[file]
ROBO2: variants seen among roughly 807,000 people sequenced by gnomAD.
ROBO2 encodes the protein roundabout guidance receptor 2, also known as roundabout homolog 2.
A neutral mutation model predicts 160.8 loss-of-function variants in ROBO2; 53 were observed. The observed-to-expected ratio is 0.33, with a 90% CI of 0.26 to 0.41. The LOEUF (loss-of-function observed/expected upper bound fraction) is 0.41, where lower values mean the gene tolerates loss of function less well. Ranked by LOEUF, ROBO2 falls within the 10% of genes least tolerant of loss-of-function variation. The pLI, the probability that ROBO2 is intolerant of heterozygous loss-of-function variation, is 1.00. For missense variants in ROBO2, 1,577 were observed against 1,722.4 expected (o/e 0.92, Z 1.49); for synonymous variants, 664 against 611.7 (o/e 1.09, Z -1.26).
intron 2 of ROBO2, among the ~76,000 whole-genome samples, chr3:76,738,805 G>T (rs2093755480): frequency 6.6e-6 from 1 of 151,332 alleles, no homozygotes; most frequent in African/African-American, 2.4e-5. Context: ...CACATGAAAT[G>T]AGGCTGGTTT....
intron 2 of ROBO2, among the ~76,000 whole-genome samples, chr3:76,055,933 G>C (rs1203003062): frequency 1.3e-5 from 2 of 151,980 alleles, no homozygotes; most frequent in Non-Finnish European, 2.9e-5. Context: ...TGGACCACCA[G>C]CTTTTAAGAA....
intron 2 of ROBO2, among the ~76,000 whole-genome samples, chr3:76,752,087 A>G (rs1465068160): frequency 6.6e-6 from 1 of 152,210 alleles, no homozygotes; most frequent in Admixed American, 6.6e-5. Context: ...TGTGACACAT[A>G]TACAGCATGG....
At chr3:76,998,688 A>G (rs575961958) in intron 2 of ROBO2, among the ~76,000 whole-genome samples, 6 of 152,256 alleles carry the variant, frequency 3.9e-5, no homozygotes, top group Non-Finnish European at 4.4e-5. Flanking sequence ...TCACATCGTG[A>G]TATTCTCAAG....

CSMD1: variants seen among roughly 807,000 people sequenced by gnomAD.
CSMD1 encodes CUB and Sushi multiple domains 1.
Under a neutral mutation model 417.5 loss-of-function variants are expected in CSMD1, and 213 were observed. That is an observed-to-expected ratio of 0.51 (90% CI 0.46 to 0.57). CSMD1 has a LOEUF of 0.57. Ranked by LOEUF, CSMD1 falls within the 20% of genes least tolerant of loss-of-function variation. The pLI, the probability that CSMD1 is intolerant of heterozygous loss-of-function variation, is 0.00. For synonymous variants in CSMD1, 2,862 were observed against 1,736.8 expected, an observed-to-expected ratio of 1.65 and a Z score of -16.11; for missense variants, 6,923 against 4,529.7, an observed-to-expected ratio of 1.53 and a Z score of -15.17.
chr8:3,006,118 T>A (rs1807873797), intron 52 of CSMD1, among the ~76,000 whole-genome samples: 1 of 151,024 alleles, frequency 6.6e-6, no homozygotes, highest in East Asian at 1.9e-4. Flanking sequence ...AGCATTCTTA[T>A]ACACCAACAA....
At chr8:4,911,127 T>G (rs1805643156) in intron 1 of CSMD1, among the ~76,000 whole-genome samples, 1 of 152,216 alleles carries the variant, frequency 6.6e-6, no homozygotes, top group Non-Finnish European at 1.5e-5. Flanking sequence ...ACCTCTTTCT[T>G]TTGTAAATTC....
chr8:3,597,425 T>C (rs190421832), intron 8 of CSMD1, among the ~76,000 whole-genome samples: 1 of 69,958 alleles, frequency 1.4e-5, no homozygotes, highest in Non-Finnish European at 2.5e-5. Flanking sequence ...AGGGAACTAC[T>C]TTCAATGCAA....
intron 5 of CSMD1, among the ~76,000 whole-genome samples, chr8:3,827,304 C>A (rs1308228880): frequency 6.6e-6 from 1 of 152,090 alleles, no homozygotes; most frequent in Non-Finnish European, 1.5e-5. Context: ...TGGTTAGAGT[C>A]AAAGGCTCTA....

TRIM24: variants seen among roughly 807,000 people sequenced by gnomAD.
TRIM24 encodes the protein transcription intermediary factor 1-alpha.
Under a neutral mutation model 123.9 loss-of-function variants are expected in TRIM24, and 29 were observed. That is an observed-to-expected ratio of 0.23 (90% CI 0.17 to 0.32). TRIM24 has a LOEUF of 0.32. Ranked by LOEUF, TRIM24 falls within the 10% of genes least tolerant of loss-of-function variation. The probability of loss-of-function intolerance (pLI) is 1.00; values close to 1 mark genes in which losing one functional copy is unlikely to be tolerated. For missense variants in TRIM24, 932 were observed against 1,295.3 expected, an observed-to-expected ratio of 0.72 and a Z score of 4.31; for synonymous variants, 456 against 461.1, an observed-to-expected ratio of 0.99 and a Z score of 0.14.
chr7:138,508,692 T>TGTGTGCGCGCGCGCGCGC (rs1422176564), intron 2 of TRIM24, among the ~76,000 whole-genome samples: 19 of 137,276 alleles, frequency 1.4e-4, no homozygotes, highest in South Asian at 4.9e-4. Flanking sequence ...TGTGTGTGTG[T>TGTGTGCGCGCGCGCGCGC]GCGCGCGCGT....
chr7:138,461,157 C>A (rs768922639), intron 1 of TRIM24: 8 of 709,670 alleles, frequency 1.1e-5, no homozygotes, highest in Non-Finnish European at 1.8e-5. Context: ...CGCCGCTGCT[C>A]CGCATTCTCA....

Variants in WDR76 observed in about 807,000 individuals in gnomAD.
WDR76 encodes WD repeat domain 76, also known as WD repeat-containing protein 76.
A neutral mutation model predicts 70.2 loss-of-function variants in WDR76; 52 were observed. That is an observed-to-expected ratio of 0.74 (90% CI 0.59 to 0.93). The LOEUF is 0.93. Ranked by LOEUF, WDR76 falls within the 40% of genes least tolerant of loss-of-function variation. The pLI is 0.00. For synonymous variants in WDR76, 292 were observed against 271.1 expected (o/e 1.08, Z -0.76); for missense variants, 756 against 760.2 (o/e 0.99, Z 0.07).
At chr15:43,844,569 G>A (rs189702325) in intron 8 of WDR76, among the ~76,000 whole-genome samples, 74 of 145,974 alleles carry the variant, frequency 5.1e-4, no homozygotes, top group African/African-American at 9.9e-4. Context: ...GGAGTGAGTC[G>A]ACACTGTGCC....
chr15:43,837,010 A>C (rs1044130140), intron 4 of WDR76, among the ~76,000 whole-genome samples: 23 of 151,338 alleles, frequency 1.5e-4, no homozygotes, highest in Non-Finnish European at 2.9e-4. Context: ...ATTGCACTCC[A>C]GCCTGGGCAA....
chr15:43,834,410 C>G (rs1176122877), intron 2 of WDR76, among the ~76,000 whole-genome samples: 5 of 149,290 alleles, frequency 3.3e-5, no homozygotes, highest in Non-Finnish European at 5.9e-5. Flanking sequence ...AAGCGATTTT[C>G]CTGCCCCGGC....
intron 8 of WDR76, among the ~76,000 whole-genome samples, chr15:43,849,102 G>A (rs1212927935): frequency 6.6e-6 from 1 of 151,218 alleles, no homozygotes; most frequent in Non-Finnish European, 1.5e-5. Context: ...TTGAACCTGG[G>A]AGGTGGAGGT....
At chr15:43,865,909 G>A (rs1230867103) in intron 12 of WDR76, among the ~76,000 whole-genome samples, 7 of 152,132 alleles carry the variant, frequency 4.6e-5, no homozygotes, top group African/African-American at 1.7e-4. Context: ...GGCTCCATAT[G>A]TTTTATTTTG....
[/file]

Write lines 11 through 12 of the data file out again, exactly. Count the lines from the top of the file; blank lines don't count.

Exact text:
chr8:3,006,118 T>A (rs1807873797), intron 52 of CSMD1, among the ~76,000 whole-genome samples: 1 of 151,024 alleles, frequency 6.6e-6, no homozygotes, highest in East Asian at 1.9e-4. Flanking sequence ...AGCATTCTTA[T>A]ACACCAACAA....
At chr8:4,911,127 T>G (rs1805643156) in intron 1 of CSMD1, among the ~76,000 whole-genome samples, 1 of 152,216 alleles carries the variant, frequency 6.6e-6, no homozygotes, top group Non-Finnish European at 1.5e-5. Flanking sequence ...ACCTCTTTCT[T>G]TTGTAAATTC....